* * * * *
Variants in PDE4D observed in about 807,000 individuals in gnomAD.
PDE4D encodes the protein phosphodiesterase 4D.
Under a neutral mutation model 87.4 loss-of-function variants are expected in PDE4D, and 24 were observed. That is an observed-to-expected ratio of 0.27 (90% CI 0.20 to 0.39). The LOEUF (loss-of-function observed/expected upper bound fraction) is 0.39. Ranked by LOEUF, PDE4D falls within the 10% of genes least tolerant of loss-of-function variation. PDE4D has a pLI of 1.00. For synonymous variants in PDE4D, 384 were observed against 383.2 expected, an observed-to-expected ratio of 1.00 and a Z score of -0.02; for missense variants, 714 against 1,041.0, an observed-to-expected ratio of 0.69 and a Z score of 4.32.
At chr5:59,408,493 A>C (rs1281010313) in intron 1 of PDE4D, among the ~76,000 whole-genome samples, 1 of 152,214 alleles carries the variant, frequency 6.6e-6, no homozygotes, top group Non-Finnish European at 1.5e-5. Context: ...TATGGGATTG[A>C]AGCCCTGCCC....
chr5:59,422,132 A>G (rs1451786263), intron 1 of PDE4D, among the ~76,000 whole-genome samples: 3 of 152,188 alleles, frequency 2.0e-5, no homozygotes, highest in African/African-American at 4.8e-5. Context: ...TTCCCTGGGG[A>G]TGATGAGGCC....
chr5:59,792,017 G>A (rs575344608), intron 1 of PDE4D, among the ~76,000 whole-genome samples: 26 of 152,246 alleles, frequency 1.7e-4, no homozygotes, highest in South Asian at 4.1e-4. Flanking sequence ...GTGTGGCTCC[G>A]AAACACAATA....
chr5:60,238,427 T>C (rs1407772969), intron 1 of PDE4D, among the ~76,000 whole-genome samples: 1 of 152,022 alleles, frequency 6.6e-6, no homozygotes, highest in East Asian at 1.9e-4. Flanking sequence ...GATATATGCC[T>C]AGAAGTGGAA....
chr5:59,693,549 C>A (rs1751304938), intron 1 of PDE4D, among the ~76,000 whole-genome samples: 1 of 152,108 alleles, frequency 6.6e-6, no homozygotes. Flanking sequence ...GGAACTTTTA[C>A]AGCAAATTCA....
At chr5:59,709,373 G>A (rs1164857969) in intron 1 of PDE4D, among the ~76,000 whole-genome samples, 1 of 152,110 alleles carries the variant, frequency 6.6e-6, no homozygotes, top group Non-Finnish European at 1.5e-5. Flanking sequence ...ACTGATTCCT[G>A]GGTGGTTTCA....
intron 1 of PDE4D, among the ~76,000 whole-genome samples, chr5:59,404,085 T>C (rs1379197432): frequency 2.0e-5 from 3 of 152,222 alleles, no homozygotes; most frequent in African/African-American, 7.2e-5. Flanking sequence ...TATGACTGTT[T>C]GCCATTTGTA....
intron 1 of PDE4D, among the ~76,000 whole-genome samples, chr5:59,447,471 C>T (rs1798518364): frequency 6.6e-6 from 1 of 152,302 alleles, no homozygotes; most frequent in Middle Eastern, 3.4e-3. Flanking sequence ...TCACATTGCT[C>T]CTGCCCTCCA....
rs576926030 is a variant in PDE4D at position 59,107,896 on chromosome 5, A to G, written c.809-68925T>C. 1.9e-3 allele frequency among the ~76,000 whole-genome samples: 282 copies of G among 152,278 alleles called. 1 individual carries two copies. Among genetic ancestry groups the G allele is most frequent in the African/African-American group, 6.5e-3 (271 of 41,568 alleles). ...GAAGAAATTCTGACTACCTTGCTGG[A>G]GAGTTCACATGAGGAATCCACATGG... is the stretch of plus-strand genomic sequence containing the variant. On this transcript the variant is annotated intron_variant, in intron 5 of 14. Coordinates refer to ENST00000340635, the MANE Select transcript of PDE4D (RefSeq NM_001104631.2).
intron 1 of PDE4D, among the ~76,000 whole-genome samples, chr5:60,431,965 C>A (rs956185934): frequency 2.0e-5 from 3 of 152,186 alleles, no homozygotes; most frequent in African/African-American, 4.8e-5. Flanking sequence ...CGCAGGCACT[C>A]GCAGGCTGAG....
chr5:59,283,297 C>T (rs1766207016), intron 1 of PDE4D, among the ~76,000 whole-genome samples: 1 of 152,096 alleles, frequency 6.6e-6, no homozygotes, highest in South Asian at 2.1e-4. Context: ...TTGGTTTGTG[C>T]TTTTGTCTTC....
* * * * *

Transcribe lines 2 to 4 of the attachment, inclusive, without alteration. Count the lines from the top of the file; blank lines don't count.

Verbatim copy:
PDE4D encodes the protein phosphodiesterase 4D.
Under a neutral mutation model 87.4 loss-of-function variants are expected in PDE4D, and 24 were observed. That is an observed-to-expected ratio of 0.27 (90% CI 0.20 to 0.39). The LOEUF (loss-of-function observed/expected upper bound fraction) is 0.39. Ranked by LOEUF, PDE4D falls within the 10% of genes least tolerant of loss-of-function variation. PDE4D has a pLI of 1.00. For synonymous variants in PDE4D, 384 were observed against 383.2 expected, an observed-to-expected ratio of 1.00 and a Z score of -0.02; for missense variants, 714 against 1,041.0, an observed-to-expected ratio of 0.69 and a Z score of 4.32.
At chr5:59,408,493 A>C (rs1281010313) in intron 1 of PDE4D, among the ~76,000 whole-genome samples, 1 of 152,214 alleles carries the variant, frequency 6.6e-6, no homozygotes, top group Non-Finnish European at 1.5e-5. Context: ...TATGGGATTG[A>C]AGCCCTGCCC....